The Scramble to Capture Urban Adventurers

With the origins of the scrambler going back to the 1920's, it's amazing to think that our great-great-grandfathers used to take to the dirt on street bikes with rigid frames and girder forks.

For many years however, factory built scramblers and road bikes were kept deliberately separate and it wasn't until the late 1960's and the advent of the dual-purpose motorcycle, that things really changed.

Yamaha's hugely popular 250cc, 2-stroke DT-1 was credited as being the first of this new generation of road-going dirt bike. Launched in 1968, it meant you could ride to your favorite piece of countryside, have fun in the dirt and ride home again.

Since the launch of the insanely popular BMW GS series, adventure bikes as they are now known have progressively gotten bigger and heavier with manufacturers now favoring engines of 1000cc and over.  

For those who like the look, but tend to prefer adventuring in a more urban landscape, we now have the street scrambler. These cool looking bikes with their retro lines, long legs and wide bars, have certainly struck a chord with the bike buying public.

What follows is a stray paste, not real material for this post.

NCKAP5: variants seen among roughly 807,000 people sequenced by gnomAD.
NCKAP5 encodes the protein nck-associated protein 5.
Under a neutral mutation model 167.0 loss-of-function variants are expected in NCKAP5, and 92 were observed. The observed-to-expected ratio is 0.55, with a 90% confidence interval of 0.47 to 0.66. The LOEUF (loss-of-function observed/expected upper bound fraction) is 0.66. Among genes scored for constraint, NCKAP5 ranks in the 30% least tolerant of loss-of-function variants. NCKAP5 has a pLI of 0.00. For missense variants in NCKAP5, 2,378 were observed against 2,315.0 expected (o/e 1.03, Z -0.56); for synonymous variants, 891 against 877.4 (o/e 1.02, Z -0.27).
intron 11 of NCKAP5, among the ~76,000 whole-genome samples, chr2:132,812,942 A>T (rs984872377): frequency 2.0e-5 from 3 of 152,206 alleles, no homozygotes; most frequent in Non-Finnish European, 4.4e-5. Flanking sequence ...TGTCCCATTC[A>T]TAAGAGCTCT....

For 2017, most of the big manufacturers are fielding a strong range of street scramblers, so let's take a look at what's on offer. With a 900cc engine and an all- new frame, the street twin based Triumph Street Scrambler, has stainless steel high level pipes, dual purpose Metzlers and even a bash plate.

 

 

BMW's success with the R nineT has led to a number of different looks for the bike and the factory's latest incarnations the R nineT Scrambler and Urban G/S, look genuinely retro and very usable. As one of their best selling models, Ducati currently has a staggering six different street scramblers available and 2017 sees the launch of the Desert Sled.

 

 

 

Using their latest 950cc cruiser as a base, Yamaha have given it a dirt makeover, which they're calling the SCR950 Urban Scrambler. Also, new for this year and flying the flag for Italy, are the

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